All good answers...follow these hints and you'll be on your way to a great presentation of any trick. Probably sooner than you think.
Kudos to you for having the correct attitude about doing tricks, or anything else for that matter, by investing the time into your "work/hobby". You'll never regret it!
We've all been present when someone performs a trick/job poorly and it's mainly because of lack of preparation.
All this being said, don't forget your "banter" for your performance.
Generally, you'll get the trick mechanics down much sooner than you'll get your vocal presentation all tuned in.
Because we work on the physical manipulation of the trick initially and spend more time on it. We want to do it now!
There's nothing wrong with that. It's that human nature thingy that we all experience.
Remember, with most tricks, the best performer has a better, more polished "gift of gab" that enhances the trick e.g. Rick Lax for one ;-) Way to go, Rick!!!
Hypothetically, if a group of us were at, ah, let's say, our local pub and we each did the same trick for each other, the "winner" would most likely be the one with the best banter.
So, in closing, your tricks are great. Your verbal presentation skills will take it over the top!
Best wishes everyone...
Answered at 09:26pm on January 2nd, 2016 by MagicYoda (7950 karma)
This is a tricky question. I don't think there's a 'right' answer, but what I do know is, when I'm working on a new trick, I always perform it for people I trust--people who will give me honest feedback--before I take it to the masses. Whenever a trick is new, I know I'm going to suck at it. But that's okay. The key is improving and improving...so when I do take it into a 'real' set its ready to go.
Answered at 01:50pm on October 31st, 2013 by ricklax1 (98 karma)
Ricky Jay said he practiced a trick for a year before showing to anyone but practice until you have down smooth and not just the trick practice your script for the trick also
Answered at 03:19am on March 11th, 2015 by jimmymagic123 (15 karma)
It feels like that's something that you should know or feel. When you are able to perform a trick without thinking about the method and just able to focus on the presentation you know you're definitely close!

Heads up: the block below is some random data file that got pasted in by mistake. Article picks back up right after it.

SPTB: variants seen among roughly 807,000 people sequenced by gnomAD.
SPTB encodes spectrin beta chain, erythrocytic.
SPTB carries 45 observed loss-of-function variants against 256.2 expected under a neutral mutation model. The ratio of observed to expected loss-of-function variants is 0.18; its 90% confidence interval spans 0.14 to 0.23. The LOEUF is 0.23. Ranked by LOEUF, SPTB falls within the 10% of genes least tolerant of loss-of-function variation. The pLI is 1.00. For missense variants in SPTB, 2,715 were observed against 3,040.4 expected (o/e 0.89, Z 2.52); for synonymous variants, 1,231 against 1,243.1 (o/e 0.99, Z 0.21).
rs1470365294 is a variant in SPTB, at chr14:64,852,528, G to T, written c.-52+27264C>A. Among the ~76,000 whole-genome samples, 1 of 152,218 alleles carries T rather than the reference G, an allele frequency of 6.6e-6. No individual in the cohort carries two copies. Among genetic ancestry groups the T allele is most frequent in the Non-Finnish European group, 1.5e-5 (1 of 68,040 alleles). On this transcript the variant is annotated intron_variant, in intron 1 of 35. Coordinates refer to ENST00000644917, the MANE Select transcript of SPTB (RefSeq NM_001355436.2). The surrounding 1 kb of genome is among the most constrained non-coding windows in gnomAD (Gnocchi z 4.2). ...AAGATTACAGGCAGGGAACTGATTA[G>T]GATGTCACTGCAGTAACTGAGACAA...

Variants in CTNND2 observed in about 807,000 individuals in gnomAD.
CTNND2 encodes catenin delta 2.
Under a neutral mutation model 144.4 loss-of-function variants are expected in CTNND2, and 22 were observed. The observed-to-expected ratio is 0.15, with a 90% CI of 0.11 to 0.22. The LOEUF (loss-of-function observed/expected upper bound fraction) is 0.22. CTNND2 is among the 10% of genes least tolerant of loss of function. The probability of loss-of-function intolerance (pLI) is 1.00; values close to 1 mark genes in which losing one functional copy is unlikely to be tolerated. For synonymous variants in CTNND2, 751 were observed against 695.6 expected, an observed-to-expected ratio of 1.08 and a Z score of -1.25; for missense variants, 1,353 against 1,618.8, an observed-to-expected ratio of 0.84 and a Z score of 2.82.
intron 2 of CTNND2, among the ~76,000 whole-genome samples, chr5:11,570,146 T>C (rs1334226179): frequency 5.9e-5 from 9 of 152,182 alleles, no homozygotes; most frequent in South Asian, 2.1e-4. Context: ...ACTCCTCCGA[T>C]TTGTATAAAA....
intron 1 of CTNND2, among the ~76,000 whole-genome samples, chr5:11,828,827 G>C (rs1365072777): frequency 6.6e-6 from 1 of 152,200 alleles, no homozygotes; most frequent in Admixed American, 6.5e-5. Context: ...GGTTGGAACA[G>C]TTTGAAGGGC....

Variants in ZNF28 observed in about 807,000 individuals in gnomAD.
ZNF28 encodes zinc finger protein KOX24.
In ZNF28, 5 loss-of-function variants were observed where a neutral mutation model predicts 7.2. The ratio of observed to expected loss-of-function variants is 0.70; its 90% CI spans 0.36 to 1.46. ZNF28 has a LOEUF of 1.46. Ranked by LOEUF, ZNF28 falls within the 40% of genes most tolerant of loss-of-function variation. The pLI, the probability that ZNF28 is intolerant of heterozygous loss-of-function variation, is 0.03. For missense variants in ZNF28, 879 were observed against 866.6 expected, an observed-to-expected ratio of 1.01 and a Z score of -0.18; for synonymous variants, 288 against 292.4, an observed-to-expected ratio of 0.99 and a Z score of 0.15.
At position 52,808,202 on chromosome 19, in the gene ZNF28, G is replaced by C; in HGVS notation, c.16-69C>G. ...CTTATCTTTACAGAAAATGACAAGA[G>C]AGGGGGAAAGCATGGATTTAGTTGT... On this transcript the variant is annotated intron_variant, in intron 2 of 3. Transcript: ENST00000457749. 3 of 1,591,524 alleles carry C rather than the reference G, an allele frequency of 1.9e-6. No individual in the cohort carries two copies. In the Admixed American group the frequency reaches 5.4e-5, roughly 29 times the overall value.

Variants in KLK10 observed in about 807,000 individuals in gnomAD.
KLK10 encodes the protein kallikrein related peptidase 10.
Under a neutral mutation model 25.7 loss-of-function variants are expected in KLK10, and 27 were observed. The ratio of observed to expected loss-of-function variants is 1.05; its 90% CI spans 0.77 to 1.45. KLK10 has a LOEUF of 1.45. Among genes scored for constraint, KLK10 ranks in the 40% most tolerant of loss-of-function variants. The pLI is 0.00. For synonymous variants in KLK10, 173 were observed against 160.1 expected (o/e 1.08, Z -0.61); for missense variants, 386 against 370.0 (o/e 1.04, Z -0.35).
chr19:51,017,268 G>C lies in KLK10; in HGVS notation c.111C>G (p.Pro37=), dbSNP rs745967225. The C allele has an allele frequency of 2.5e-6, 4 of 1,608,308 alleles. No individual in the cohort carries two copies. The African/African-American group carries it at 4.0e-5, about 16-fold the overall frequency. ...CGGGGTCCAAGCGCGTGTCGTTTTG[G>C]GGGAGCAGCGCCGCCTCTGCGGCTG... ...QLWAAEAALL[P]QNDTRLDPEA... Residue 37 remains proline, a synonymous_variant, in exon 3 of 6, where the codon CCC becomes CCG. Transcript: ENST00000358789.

Answered at 02:57pm on October 31st, 2013 by robertsonmagic (45 karma)
My apologies for the duplicate writing.. don't know why it happens must be from talking into my iPhone it always messes up on here just wanted to note that so you guys didn't think I did that purposely. Stay magical
Answered at 07:15pm on June 17th, 2017 by ANDREWACEMAGIC (-35 karma)
Same thing as the hotel guy. I have a select number of people that support me with my channel and whenever it passes them I know that it's something to keep practicing. I don't just go out and perform it though right after. I take some diligent time depending on what I'm working with. If it's a simple coin trick then I know if the people I show it to you first that know me as it's good right after. I take some diligent time depending on what I'm working with. If it's a simple coin trick then I know if the people I show it to first that know me as it's good to have people around that will give you criticism and tell you if your angle was bad or if it was too slow etc. Hope this helps and never rush even if it sits in your kit for a while pick it up a few times a day and once you feel ready go ahead and give it a try what's the worst that could happen I'm sure you'll have something that you have down much better on you God for bid something were to happen practice practice practice
Answered at 07:13pm on June 17th, 2017 by ANDREWACEMAGIC (-35 karma)
I'm old school. I practice my butt off until I think I have it without fumbling. Then, I practice in front of a mirror to get the audiences view. If you can do it in front of a mirror and fool yourself, you're ready.
Start off by showing friends and family to work out the nerves...plus it's a great way to learn audience management as well.
Answered at 07:36pm on February 25th, 2014 by Cool4cats (3 karma)
Practice it no less than a 100 times and 500 is usually better. 10,000 to truly master it.
You want to be able to do the mechanics without hesitation or pauses and no "flashing". AS you get that into muscle memory, you can work out the presentation.
Show it to magicians first, so that you don't expose magic. They can give you tips as well.
Finally show it to some people and modify your presentation based on their responses.
Answered at 01:06pm on December 19th, 2013 by kgphoto (4 karma)
I work in the hotel industry and I practice on my own first to get the handling down and then I go to town on my coworkers , if I pass them I know I'm ready for anyone , these people are a tough crowd, and will give no room for error that is what makes you perfect, let people catch you but learn from it and you'll rearly go wrong.good luck.the street is unforgiving bro.don't get busted .
Answered at 08:22am on November 16th, 2013 by edge55 (-3 karma)
First practice the effect over and over until you feel comfortable. Then find someone you trust, perform the effect for them. Get their honest feedback and then practice again.
You will know when it feels right.
PS - Stay off Youtube.
Answered at 12:58pm on October 28th, 2013 by s_branham (161 karma)
I always practice a trick (no matter how easy) for three days before taking it to the streets.But if I need more time and haven't gotten it down yet.Then i practice it for an extra 3 days.
Answered at 10:08am on September 5th, 2014 by Sonicturboturtle (61 karma)